I haven't ever been big on prayer.
We weren't a religious family growing up. We are Catholics, did the whole Sunday school thing because that is what you did as a catholic kid, but rarely went to church on Sundays. Our Sunday school was actually on Saturday mornings, which made Sundays a non-issue. Maybe that was the beginning of the end. They did get smart though, and now Sunday school is back on Sundays.
My point, we were what I like to call convenient Catholics. Did it when we needed to, ignored it when we didn't.
Now this doesn't mean my family wasn't/isn't spiritual. My mom read to me from the bible, we were taught that Christmas and Easter were about Jesus and not a big guy or a bunny. We were encouraged to believe in god. We just didn't do the whole church thing.
As I became older and the church became more separated from the spirituality, I became more spiritual. When in times of struggle, I found myself calling upon spirits to help guide my decisions. It was a knee jerk reaction, often done in a pleading and aggressive nature, but the underlying truth is that I did believe there was something out there that moving the pieces of the puzzle.
Since I've become a parent, I've relied on my spirituality in a different way.
My oldest has always talked about angles. I don't know if he saw them when he was a baby, heard someone say something about them, or just learned about their existence through the stories that have been read to him, but he has always described a connection to them.
It was when our family dog died three years ago that angels really became a strong part of his beliefs. He believed that our beloved Abbey was now his guardian angel. His exact words were, "Now that Abbey is an angel, my angel can go keep another child safe. Abbey will protect me."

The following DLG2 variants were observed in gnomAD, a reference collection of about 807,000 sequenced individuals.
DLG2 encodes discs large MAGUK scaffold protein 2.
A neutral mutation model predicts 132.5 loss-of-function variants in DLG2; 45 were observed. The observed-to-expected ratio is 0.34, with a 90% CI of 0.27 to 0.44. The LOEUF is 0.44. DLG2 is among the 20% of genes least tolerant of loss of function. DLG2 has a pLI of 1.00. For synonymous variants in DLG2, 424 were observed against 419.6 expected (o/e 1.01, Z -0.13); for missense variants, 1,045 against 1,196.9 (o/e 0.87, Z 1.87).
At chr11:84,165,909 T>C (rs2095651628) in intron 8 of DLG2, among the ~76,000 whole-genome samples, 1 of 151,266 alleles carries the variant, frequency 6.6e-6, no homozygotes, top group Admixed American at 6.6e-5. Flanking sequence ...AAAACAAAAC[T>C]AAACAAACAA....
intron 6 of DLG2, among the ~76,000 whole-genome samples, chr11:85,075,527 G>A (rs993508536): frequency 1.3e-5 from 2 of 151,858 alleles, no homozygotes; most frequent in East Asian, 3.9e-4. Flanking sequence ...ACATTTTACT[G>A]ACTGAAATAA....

A year later, as I was drowning in Waldorf research, about to start my journey in to this wonderful life and education style, I came across many references to angels. Namely praying to your child's guardian angel for help and guidance.
This is a practice I have started myself. It is often the side of Steiner that people begin to feel
uncomfortable with. He had some pretty distinct thoughts on
spirituality. And it isn't for everyone. Like everything I do, I take
what I like and leave the rest (in case you missed it, I have issues, check out number three here ), and that probably won't ever change.
Praying to my children's guardian angels isn't so much a practice of looking for answers. It is more a practice of looking to my heart for the right path to take. A way to slow down, not jump in to a quick solution because I feel a solution needs to be found.
It is taking a moment of calm. Taking a breath instead of continuing to talk. A way for me to reflect and not react. A time to let it sleep.
In other words, it helps me to make better decisions instead of decisions in the heat of the moment. Something that I work on on a daily basis. And don't we as parents do that often? We do or say something when we are frustrated or angry and then regret and worry and stress over it, wondering what damage we've done and how to repair it. Taking a moment to say "I need to stop. I can't make decisions right now," and then to listen to where your heart takes you once you have calmed down is not only a healthier option for us, it is a better thing for our children to see.
And anything that gets me to stop and breathe is something that is going to benefit everyone in my family.
Try it out and see where it takes you!